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Amy Traub

The Cities Detox First

Late last week, the President’s Cancer Panel released a troubling new study (pdf) on the link between Americans’ chemical exposure and the risk of developing cancer. The panel found that “the true burden of environmentally induced cancer has been grossly underestimated. With nearly 80,000 chemicals on the market in the United States, many of which are used by millions of Americans in their daily lives and are un- or understudied and largely unregulated, exposure to potential environmental carcinogens is widespread.” Due to inadequate funding, weak and overly complex laws, overlapping regulatory jurisdictions, and excessive industry influence, federal chemical regulation is ineffective and Americans are exposed “grievous harm” from chemicals whose safety has never been ascertained.

The federal panel is right to call for more effective national regulation to protect public health. But many battles over harmful chemical exposure have already played out – and in some cases been won – at the city level in municipalities across the nation. Consider BPA, a chemical in many hard plastics (including baby bottles, water bottles, and the plastic lining inside cans) which has been repeatedly linked to breast cancer, obesity, and heart disease. When the feds finally act to protect Americans, they’ll be following on the heels of Chicago, which already banned the chemical in 2009. Austin, TX is one of several cities to outlaw pavement sealants containing coal tar, a source of suspected carcinogens. San Francisco banned phthalates, a chemical used to soften plastic, in toys for young children, leading to state and ultimately federal restrictions on the chemical which has been linked to alterations in hormones. Cities have also acted to ban pesticides which may pose a risk to human health.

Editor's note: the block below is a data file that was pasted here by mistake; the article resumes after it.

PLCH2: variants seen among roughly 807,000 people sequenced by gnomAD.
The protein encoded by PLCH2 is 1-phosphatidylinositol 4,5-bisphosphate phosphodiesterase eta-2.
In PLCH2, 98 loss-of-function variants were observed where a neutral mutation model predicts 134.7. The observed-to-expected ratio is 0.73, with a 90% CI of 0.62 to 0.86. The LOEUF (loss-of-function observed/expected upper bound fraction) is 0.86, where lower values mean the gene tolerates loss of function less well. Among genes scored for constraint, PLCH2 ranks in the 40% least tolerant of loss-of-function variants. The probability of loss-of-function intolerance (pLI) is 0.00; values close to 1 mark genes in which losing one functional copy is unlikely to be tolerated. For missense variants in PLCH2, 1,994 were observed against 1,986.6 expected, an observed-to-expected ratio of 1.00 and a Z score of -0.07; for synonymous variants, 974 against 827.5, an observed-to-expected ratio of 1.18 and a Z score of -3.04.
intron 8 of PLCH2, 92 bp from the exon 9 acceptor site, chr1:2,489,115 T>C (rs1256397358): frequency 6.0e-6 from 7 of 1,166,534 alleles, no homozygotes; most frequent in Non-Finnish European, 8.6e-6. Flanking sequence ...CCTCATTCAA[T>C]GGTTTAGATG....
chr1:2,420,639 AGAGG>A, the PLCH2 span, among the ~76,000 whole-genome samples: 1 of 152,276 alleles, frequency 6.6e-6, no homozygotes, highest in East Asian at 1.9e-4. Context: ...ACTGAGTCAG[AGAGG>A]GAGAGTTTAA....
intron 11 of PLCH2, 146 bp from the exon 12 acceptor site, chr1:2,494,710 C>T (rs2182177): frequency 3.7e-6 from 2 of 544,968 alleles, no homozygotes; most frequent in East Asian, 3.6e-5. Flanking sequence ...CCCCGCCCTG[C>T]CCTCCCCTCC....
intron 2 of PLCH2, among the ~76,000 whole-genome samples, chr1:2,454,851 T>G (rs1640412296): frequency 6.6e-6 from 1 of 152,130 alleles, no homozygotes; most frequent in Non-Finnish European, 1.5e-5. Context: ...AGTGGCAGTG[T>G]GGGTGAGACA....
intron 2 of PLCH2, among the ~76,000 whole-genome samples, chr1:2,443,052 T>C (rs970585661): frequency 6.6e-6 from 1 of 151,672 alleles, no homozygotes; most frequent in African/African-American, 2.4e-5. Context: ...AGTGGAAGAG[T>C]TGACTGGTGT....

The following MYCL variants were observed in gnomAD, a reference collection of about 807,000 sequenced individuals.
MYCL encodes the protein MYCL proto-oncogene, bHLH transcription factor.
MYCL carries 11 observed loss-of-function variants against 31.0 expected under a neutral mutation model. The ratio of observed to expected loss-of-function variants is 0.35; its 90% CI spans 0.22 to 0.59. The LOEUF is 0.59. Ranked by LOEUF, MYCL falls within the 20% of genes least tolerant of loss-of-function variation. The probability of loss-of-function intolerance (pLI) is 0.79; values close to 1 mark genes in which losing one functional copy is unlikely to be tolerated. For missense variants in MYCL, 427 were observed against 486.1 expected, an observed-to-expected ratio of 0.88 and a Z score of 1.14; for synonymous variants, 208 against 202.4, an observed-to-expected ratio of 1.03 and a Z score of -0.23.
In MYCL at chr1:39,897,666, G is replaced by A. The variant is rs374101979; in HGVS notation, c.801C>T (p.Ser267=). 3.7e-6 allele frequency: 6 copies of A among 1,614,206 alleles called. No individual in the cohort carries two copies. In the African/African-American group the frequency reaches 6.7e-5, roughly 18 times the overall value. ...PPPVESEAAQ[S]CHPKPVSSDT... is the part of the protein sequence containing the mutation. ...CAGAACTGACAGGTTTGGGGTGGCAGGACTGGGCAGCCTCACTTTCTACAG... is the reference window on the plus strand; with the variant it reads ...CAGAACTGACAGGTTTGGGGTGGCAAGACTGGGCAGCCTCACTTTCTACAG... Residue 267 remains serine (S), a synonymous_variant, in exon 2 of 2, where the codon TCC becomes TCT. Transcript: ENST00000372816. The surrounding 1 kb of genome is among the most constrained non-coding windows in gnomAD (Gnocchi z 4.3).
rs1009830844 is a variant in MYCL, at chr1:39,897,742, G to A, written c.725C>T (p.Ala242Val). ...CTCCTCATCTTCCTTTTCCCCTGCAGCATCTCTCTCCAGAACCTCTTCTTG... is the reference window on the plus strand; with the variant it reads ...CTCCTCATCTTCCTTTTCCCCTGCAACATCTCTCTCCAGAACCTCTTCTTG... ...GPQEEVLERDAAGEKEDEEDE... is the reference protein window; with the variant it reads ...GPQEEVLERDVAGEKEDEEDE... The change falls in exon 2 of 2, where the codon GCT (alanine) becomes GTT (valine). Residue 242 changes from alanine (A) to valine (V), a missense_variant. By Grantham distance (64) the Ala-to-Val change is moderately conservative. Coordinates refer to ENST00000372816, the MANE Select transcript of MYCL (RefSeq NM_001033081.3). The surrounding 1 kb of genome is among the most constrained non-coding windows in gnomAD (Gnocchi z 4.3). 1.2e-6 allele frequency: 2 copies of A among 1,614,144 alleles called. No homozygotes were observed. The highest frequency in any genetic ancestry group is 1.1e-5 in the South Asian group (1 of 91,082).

The federal government must turn away from a reactionary approach to chemical regulation in which “a hazard must be incontrovertibly demonstrated before action to ameliorate it is initiated… [and] the public bears the burden of proving that a given environmental exposure is harmful.” For a more sane public health perspective, they can look to the cities.

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Posted at 2:23 PM, May 10, 2010 in Consumers | Public Health
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